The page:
What I learn from book clubs

I love book clubs. Just being around people who like to read is energizing.

As a member, book clubs help me explore books that I might not choose to read otherwise. Most readers have genres that they prefer or even unconsciously select. But book clubs encourage exploration, both of authors and of genres.

As an author, book clubs help me to “think deeper” about the book I’ve written through the questions the members ask.

At a recent book club meeting, I was asked who my favorite character was in Proving Her Claim. My immediate response was Anna Olson, the heroine of the novel. Then I thought more about the characters, and realized that my favorite character might just be Yellow Bird, Two Hawks MacKenzie’s mother. That surprised me a bit.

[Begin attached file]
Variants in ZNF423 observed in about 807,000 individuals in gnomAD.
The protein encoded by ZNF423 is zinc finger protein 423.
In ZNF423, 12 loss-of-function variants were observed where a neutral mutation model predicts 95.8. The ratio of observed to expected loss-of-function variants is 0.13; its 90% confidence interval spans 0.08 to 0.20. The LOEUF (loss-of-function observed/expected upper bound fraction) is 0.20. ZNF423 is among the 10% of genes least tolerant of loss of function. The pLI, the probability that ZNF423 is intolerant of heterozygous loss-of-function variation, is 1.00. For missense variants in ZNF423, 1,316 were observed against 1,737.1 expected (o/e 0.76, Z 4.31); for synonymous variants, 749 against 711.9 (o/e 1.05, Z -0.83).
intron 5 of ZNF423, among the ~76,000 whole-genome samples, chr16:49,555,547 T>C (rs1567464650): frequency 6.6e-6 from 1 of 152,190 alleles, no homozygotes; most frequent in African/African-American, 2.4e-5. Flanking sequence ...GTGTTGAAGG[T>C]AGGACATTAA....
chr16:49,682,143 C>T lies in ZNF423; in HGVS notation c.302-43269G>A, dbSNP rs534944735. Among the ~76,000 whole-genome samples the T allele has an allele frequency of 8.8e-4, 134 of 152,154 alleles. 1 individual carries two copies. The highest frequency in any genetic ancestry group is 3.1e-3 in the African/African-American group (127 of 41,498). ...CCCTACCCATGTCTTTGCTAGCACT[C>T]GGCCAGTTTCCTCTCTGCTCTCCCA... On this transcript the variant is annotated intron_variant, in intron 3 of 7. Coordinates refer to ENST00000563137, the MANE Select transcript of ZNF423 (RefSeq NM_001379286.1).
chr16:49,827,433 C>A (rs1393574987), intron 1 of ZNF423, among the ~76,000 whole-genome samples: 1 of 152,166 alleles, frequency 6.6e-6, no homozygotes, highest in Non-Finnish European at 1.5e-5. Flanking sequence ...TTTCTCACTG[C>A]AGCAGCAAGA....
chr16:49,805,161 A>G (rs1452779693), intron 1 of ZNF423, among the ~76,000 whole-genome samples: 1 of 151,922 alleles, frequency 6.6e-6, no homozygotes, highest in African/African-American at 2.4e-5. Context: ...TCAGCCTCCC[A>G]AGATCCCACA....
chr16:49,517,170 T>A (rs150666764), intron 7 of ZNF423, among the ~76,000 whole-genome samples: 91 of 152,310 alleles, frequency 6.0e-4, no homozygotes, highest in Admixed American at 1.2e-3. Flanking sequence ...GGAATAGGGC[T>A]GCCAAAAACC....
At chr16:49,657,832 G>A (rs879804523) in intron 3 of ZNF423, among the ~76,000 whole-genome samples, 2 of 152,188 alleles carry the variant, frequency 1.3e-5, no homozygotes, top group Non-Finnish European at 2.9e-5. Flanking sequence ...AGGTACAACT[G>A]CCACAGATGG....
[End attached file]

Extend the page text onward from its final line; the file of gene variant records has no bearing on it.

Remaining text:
Book club meetings also give me a chance to ask the readers what they liked — or disliked — about the book. Here are some of their responses:
“I liked that Anna saved herself.”
“I appreciated that Anna came from a family of strong women.”
“Anna had a plan and she knew what she had to do.”
“I was surprised by the ending.”

Book club invitations come from several directions. A college friend invited me to talk to her book club. Another invitation came after a book signing and author talk. Yet another invitation came via social media.

In person or via a virtual meeting, I’m always ready to talk about my book. But I what I really like about book clubs is the opportunity to hear from readers. If you’re reading this post and would like me to attend your book club meeting, send me an invitation at [email protected]